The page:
"Sexism often comes with a smile." - Rachel Feltman
White woman: All women are under the same pressure in the face of patriarchy. That's why all women have some kind of intuitive solidarity or fraternity.
Black woman: I'm not so sure. I want to ask you a question: What do you see in the mirror when you wake up in the morning?
White woman: I see a woman.
Black woman: You see, that's the problem for me. Because when I wake up in the morning and look in the mirror, I see a black woman. To me, race is something visible, but to you race is invisible. You can't see. That's how privilege works.
Privilege is invisible to those who have it. Not thinking about our race is a luxury. Not thinking about other privileges, we have is also a luxury. Gender can only be eliminated by people rethinking when they look in the mirror and see themselves as only human in the patriarchal order. Only in this way can equality of rights be realized.
“I thought two people were coming across the street but I soon realized it was only a man and his wife.” Russian proverb
By analyzing women in sociocultural and psychological contexts, Simon de Beauvoir laid one of the most important foundations of modern feminist theory. Beauvoir presents the patterns of femininity and masculinity through non-overlapping oppositions in all societies. The masculine is associated with culture and the feminine with nature. There is a hierarchical structure between these two areas, which are interrelated. The dominance of culture over nature makes men dominate women. In a patriarchal culture, the male or the masculine is constructed as positive or the norm, while the female or femineity is positioned as negative, non-essential, abnormal, that is, the "other". This is what Simone de Beauvoir means when she defines woman as "the second sex".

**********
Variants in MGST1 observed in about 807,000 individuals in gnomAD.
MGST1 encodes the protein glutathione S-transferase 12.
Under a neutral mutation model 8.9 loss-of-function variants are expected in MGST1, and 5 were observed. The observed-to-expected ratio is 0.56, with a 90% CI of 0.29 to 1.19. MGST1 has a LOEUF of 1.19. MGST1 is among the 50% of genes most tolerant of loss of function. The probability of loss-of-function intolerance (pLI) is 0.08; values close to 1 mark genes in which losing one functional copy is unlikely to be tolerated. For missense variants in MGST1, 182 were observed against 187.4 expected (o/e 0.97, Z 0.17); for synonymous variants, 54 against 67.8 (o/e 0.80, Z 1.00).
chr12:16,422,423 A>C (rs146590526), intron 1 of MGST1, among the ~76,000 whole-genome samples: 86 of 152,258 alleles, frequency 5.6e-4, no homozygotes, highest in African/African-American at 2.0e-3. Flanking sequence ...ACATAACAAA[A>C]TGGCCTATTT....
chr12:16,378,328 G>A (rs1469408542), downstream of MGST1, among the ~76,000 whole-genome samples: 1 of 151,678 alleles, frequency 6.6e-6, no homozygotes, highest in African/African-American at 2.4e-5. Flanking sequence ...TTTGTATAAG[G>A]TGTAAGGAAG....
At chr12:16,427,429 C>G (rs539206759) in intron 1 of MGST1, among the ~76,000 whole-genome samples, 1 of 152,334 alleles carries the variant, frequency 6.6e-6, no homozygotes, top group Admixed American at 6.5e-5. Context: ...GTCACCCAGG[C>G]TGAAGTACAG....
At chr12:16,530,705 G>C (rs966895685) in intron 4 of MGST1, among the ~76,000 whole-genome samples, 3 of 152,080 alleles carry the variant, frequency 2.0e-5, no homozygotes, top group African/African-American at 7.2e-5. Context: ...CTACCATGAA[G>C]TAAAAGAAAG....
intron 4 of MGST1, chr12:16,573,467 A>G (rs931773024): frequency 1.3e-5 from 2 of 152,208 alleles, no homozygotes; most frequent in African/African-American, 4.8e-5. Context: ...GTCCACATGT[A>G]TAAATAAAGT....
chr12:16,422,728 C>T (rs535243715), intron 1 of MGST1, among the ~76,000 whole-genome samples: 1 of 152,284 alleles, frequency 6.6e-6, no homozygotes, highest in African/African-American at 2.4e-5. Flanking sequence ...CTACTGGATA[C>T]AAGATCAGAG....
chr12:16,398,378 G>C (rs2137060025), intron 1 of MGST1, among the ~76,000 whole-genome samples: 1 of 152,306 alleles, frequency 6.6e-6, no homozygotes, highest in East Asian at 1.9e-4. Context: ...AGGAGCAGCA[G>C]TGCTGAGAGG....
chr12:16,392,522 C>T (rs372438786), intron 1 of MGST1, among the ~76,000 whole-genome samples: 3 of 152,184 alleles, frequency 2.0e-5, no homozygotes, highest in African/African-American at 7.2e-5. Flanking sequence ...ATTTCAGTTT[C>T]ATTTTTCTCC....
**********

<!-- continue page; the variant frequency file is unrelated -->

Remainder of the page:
Throughout history, the social roles of women and men have undergone various changes. Between 600 BC and 1300 AD with the rise of agricultural culture, women became the commodity of trade, and they began to lose their rights and freedoms with enslavement. In the feudal period from the 1300s to 1700s, it is seen that men and women worked together in their homes and in their fields. In other words, there is no organized division of labor for gender in these years.
With industrialization and urbanization in the 1700s, we can see the rise of the concept of the gendered division of labor. In this period, while the men who were forced to leave their homes and work in big cities were generating income, women became "housewives" who prepared their families for working life. With the French Revolution that took place at the end of the 18th century, ideas criticizing social rights inequalities began to emerge. The political foundations of modern feminism were laid with the egalitarian and libertarian thought that had the opportunity to sprout thanks to the enlightenment. Mary Wollstonecraft's book " A Vindication of the Rights of Woman " is one of the earliest works of feminist philosophy. In her book, Wollstonecraft invites women to go out of their homes to study, to gain their own financial freedom, in short, to pursue their own rights and freedoms.